Co-localization of synaptophysin with different neuroendocrine hormones in the human gastrointestinal tract
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- Portela-Gomes, G., Stridsberg, M., Johansson, H. et al. Histochemistry (1999) 111: 49. doi:10.1007/s004180050332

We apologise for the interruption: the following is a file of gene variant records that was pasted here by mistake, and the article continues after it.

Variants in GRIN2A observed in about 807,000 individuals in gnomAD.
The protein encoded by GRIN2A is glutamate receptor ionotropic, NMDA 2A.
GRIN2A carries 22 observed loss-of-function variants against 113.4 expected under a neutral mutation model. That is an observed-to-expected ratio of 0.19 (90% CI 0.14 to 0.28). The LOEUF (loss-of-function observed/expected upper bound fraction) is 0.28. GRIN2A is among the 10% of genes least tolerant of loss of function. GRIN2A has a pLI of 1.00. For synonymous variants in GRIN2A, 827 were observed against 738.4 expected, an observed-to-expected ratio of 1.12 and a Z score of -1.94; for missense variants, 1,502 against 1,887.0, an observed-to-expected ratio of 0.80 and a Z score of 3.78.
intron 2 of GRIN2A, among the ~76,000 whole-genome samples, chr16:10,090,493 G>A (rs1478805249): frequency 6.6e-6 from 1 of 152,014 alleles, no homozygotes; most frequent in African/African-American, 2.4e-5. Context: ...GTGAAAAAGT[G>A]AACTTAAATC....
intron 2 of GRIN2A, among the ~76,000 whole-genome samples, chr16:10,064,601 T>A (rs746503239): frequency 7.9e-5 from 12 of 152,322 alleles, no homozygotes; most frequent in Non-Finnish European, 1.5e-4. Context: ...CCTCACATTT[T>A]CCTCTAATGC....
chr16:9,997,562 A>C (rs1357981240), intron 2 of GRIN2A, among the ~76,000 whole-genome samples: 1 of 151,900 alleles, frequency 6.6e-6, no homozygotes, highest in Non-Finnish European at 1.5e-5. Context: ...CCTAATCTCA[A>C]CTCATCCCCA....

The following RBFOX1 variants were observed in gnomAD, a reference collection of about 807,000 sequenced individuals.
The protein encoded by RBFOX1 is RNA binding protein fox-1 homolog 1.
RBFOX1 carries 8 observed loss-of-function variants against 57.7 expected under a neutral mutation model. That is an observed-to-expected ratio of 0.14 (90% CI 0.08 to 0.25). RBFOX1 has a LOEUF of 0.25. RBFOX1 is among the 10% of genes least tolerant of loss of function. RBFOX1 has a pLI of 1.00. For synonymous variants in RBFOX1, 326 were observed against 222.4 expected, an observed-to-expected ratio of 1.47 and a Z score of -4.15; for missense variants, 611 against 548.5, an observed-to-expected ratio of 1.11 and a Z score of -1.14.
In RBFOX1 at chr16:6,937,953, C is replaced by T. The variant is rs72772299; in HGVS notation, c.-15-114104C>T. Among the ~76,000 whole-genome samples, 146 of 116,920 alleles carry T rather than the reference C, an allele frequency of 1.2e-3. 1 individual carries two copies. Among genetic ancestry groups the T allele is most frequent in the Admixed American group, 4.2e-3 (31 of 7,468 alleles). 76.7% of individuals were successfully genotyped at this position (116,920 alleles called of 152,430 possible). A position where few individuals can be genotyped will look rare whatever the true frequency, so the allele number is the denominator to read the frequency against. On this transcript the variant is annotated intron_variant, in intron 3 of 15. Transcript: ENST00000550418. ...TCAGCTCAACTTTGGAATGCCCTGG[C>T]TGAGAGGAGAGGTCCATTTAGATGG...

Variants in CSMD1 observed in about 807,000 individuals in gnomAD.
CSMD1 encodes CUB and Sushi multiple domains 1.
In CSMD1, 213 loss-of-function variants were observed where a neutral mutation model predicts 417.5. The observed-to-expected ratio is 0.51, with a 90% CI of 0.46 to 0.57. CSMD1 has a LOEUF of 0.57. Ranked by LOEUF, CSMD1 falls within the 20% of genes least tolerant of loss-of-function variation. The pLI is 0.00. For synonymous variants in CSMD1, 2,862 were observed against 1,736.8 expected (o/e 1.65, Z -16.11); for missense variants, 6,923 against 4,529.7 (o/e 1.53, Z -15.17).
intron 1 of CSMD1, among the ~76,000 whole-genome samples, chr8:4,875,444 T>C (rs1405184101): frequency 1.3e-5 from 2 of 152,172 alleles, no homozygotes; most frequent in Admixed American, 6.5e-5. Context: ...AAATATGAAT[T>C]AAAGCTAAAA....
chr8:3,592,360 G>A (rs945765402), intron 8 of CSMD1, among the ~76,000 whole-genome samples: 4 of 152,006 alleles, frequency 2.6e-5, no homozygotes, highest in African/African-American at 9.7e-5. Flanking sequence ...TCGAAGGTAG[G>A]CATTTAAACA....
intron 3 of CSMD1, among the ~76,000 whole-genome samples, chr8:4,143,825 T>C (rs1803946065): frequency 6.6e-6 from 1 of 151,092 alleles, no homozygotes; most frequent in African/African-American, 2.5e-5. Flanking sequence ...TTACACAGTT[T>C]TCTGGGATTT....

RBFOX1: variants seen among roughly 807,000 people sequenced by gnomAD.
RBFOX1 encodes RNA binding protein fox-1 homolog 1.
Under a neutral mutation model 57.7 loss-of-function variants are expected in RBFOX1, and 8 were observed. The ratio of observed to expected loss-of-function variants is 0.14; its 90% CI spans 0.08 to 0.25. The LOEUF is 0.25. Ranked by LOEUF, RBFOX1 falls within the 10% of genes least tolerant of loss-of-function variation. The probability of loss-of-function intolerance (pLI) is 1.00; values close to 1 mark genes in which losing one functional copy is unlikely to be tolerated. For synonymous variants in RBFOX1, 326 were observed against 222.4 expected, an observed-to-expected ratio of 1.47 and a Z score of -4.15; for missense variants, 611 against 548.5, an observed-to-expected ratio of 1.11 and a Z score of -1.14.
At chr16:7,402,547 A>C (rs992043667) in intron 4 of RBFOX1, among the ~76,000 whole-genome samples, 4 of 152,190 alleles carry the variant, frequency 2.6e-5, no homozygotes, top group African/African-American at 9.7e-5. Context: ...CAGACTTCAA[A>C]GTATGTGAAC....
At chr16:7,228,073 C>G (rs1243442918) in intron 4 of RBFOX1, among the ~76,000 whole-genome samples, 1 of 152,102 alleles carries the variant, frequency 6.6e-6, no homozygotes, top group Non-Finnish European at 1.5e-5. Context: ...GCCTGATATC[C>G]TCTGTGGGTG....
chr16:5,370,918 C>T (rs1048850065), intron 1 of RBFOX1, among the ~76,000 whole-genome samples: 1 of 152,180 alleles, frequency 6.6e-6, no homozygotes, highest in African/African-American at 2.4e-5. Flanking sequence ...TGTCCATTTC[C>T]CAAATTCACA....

Colocalisation of synaptophysin has been studied in different neuroendocrine cell types in histologically normal mucosa from human gastrointestinal tract (corpus, antrum, duodenum, ileum and colon) using double-immunofluorescence stainings. Numerous synaptophysin immunoreactive cells were seen in the antrum, while a smaller number were found in the intestinal tract. Synaptophysin immunoreactivity was strong in the antrum but weak in the intestine. In the intestinal colocalisation studies the synaptophysin immunoreactivity was enhanced by using the tyramide amplification method. Synaptophysin and chromogranin A were colocalised but the latter occurred mainly basally, whereas synaptophysin was found to occur diffusely throughout the cytoplasm. Synaptophysin immunoreactivity occurred in the serotonin cells throughout the gastrointestinal tract, and in the antral gastrin and somatostatin cells. In the intestinal tract only a small fraction of somatostatin, gastrin, cholecystokinin, enteroglucagon, enteroglucagon/ peptide tyrosine tyrosine displayed synaptophysin immunoreactivity. In the gastrointestinal tract (except the antrum), chromogranin A is a better general neuroendocrine marker than synaptophysin. The functional role of synaptophysin is unclear but it may be involved in the intracellular transport and release of hormones. Based on the distribution background of synaptophysin, it seems to be of greater importance in the antrum than in the intestinal tract as a whole.